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Many of you may have seen this and it may have been posted here before. I found it interesting.
I have to agree with you on this one Tracy. Let me just add something, wich is no a scientific data, just a personal experience concerning vaccinating at 6 weeks.
I did it to all Pitanga's pups, because there were a lot of parvo cases near us, and I though "better safe than sorry". A friend of mine, who did not have any parvo cases near him, decided not to do the 6 week vaccine to his labrador pups, who were a just couple of days older than mine.
Later on, another friend of us decided to keep one pup from each litter, and got them the same day. One week later, the labrador died of parvo, the setter didn't even get sick, and they were toghether from the day he picked them up. That is why I'll vacinate at 6 weeks again, whenever I have my next litter.
I would be horrified at giving a puppy up to four different shots of vaccine starting starting at six weeks. My puppies dont leave here until 8-10 weeks earliest, and I leave it to the new owner when they want to do the first vaccination. Any puppy that is staying on here wont get its first shot before four months (one born last year didnt get vaccinated until six months), when I can be sure their immune system is fully functioning. They need only one shot, followed by lepto about ten days later. After that I dont vaccinate again, unless they need to go to a boarding kennels when reluctanctly I have a booster shot done (which I regard as a complete waste of money)
My vets dont even bother to send me reminders about annual boosters :)) One of the vets, when pushed admitted that there is almost no risk of parvo etc in this area, only renewal of the lepto shot is advisable particularly for dogs in rural areas where there are rats around in farm buidlings or river banks
For those members who might be interested, this is a link to Canine Health Concern which does not specifically discuss OCD but does discuss vaccines http://www.canine-health-concern.org.uk/ . It is based in the UK so might be of interest to UK members.
A well known veterinarian in the USA whose name is Dr Richard Pitcairn has written a book which I purchased many years ago which I found helpful. The name of the book is "Dr Pitcairn's Complete Guide to Natural Health for Dogs & Cats". Again, his book does not specifically address OCD and vaccines but does discuss vaccines and the overall health of the dog. For instance on page 297 Dr Pitcairn states: "The major causes of these immune disorders are the frequent use of combination vaccinations, feeding pets commercial food diets, and over-use of cortisone drugs to suppress symptoms."
I am only entering this discussion to provide some information which may prove useful to other members and this will be my last comment on this discussion.
I felt I had to add this comment because I did not read Sue H's comment and therefore did not notice her mention of Catherine O'Driscoll. The link to Catherine O'Driscoll's website was included in an article shown on the website of the Tasmanian Canine Control Council in Australia. I was certainly not trying to "stir up" this discussion. To the contrary, I was only trying to help. At least this link will give members the opportunity to read what Catherine O'Driscoll has to say and then they can make up their own minds. I wish we had veterinarians like Dr Richard Pitcairn in Australia. Unfortunately Dr Tom Lonsdale and Dr Ian Billinghurst have chosen to fight with each other. At the time I read the books of Pitcairn and Billinghurst, I favoured Pitcairn's views except for country specific issues.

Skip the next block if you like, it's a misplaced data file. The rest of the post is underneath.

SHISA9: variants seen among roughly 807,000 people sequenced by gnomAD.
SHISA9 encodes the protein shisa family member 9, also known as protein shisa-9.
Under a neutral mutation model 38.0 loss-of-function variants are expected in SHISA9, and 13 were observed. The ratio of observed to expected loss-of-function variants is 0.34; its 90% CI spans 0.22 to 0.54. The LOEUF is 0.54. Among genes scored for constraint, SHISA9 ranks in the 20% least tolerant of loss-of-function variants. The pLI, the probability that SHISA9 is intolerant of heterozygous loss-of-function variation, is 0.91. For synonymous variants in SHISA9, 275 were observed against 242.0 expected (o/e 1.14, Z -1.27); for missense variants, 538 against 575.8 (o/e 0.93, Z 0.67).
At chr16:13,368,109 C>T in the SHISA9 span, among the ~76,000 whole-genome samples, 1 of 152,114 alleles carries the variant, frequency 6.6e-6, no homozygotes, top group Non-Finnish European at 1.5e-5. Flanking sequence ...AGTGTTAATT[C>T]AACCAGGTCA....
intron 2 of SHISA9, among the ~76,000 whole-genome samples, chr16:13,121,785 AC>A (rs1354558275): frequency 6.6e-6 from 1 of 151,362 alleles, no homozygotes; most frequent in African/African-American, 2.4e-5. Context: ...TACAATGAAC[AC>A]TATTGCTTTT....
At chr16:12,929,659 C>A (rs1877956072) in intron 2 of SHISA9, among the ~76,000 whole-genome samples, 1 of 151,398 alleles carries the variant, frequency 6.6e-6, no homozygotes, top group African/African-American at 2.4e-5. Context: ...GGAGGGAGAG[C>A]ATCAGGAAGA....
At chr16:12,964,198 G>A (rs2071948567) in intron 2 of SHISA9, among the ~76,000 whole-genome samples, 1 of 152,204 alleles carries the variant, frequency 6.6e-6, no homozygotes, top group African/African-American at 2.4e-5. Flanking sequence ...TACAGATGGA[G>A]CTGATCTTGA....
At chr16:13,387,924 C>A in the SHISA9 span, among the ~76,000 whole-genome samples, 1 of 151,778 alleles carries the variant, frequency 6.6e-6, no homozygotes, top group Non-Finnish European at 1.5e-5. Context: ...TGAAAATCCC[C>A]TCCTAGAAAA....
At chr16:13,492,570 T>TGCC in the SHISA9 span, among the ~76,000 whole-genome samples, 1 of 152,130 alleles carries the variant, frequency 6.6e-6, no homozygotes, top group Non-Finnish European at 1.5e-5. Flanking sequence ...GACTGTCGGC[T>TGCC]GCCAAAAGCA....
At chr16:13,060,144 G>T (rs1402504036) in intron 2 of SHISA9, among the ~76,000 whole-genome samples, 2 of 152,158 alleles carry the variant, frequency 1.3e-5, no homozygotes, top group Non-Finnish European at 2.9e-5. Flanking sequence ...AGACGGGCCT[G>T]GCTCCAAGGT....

"Over fifty years later, despite increased testing rates, the incidence of hip dysplasia is not going down in most breeds"
I question this statement in the article. In the UK, the Kennel Club's records appear to show that recorded levels of HD in most breeds show improving hip scores (see the latest KC Health group report). as more generations are tested and breeders avoid breeding from dogs with high scores. However these figures need to be treated with some caution, as some breeders are getting wise to not having dogs with bad hips recorded by not submitting X rays which look bad, or puppies are diagnosed with HD earlier before they are old enough to be scored
I also think dogs dont get nearly as much exercise as they used to. I'm old enough to remember when dogs could safely be left to roam around outside because there was much less traffic, especially in rural areas. And many people still didnt have a car so they walked or rode bicycles, taking their dogs with them. And nowadays it is simply socially unacceptable to let a dog run loose, they have to be on a lead and under control everywhere, and ride around in cars. Where dogs no longer have well muscled hind quarters , a milder degree of HD probably will cause more problems.